Boeing (NYSE:BA) and Airbus (OTCPK:EADSF) are always marketing their product as the best fit for airlines. One battle, however, seems to be a battle of the losers. In this article I will zoom in on the Boeing 747-8 and the Airbus A380, their prospects and business cases.
The business case for the Boeing 747-8 is not a hard one to explain. With the -8 Boeing wanted to continue on the success of the Boeing 747-400 of which the jet maker delivered 694 units. While the last delivery took place in November 2009, the Boeing 747-400 is not disappearing as fast as many think. In the coming 3-5 years a lot of the 747-400s in operation will be phased out, but there still are at least about 200 passenger versions of the -400 flying around and at the time of writing there even are 123 -400s airborne.
Boeing wanted to make use of the installed base and assumed that a significant number of customers that operated the -400 would also order the -8. Reality shows otherwise. The typical 3-class seating for the Boeing 747-400 provided in Boeing's airport planning manual is 400 seats and 467 for the -8. So the -8 should increase revenue potential and its aerodynamics and propulsive efficiency were the main drivers of cost reductions. The -8 is not a one-to-one replacement of the -400, but aimed to close the gap between the -400 and the Airbus A380. Boeing deemed the A380 too big and thought they had a sweet spot with a 467-seat aircraft.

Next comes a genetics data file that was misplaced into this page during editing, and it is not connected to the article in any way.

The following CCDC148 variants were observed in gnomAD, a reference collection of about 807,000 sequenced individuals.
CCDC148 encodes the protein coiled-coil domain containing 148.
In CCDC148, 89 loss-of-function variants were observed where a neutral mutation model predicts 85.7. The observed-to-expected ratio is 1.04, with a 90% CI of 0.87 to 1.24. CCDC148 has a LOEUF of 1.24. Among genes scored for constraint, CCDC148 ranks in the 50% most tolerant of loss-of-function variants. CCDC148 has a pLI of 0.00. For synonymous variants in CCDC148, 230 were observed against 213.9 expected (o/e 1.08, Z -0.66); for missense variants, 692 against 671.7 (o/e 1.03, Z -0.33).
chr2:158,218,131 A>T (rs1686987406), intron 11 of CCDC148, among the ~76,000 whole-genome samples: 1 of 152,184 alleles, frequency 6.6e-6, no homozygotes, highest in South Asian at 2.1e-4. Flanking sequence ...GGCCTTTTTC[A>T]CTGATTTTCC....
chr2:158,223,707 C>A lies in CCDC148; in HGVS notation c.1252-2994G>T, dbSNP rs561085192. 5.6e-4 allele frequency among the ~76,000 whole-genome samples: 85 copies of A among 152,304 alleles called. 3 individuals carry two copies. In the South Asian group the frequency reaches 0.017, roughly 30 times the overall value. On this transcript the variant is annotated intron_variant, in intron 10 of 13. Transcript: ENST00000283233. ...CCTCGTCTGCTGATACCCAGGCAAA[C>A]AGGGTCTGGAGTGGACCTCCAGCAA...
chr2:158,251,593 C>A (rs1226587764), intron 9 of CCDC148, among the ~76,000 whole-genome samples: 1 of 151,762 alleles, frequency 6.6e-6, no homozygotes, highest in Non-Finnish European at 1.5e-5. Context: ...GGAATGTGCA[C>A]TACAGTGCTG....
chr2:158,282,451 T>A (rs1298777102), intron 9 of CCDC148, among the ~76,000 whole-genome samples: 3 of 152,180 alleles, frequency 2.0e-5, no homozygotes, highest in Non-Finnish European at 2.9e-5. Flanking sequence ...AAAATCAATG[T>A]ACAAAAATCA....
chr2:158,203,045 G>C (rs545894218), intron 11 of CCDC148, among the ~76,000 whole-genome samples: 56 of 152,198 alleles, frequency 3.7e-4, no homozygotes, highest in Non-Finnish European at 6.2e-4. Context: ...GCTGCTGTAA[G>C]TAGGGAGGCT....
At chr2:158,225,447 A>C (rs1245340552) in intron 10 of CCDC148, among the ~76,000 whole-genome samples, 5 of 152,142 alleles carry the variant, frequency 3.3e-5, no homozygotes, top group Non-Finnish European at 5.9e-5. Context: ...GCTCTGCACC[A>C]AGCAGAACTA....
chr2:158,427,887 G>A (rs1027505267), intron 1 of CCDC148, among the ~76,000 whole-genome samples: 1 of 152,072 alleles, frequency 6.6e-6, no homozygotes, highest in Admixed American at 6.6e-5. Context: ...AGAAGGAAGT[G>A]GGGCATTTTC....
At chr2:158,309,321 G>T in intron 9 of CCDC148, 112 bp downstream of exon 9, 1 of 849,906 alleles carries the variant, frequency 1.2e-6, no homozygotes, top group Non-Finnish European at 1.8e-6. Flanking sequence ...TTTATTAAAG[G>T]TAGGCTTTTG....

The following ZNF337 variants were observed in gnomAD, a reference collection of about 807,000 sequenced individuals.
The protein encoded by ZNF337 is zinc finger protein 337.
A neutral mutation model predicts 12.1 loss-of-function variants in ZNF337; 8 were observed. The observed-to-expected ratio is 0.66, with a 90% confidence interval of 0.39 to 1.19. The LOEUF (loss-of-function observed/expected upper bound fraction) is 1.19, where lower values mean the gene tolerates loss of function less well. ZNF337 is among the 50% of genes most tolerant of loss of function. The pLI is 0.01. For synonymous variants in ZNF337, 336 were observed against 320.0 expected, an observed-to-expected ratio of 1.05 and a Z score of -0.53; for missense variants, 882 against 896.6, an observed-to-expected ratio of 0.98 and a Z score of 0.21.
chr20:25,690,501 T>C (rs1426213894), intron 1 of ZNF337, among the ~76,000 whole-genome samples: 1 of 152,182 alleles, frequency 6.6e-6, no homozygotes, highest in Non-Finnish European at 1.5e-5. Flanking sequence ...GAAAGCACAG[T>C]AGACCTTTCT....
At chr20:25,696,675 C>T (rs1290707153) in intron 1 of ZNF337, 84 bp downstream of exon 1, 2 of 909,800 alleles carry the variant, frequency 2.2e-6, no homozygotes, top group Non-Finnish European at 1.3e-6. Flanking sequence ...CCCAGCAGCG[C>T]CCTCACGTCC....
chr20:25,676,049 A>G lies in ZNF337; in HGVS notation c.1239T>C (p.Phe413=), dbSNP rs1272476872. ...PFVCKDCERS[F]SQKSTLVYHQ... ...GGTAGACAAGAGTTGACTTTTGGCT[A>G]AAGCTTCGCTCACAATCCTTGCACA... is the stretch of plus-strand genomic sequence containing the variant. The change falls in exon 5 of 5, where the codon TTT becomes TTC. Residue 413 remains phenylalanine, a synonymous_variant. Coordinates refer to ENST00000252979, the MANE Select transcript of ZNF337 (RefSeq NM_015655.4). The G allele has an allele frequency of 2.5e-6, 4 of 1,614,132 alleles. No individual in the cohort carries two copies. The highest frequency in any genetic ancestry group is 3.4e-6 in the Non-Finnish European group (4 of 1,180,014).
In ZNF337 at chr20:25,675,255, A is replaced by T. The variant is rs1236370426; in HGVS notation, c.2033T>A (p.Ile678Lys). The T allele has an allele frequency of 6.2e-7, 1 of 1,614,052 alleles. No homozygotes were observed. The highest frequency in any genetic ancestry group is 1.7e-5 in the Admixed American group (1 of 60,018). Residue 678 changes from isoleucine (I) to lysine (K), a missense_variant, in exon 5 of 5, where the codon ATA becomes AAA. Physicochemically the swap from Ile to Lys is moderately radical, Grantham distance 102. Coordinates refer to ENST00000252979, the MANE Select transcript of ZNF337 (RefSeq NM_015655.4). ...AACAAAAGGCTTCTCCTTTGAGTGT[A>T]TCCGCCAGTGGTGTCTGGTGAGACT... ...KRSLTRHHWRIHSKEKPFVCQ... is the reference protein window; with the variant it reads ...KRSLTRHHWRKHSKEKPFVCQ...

An industry-wide trend was the change from 3-class configuration to 2-class configuration, where some airlines introduced premium economy. Additionally, more and more airlines started equipping their Boeing 777 with an extra seat in each row. These two things made the Boeing 777 a fit replacement of the Boeing 747-400.
The -8 was placed between the Airbus A380 and the Boeing 777, but in order for airlines to be able to offer the luxury they can offer on the Airbus A380 the seat count had to be reduced. This rendered the Boeing 747-8I inefficient when it comes to cost. To put it very simple, the Boeing 747-8I has been put in a spot for which there is little to no demand.
So the passenger version of the -8 was put in a low-demand spot on the market and the installed base of the Boeing 747-400 has been replaced more and more by the Boeing 777-300ER and the Airbus A350-1000.
The freighter variant is a unique aircraft, but the market is still recovering from the economic crisis. Growth has been slower than anticipated, which affects the demand for aircraft such as the Boeing 747-8F.
So the Boeing 747-8 is not a bad aircraft itself, but there is a disjoint between the capabilities of the airframe and the airline's wishes. Additionally, the second market the 747-8 has been rolled out is one with very little bright prospect at this point.
Whereas Boeing trusted on replacement of the installed base, Airbus had to craft a product and business case from scratch since it did not have an installed base.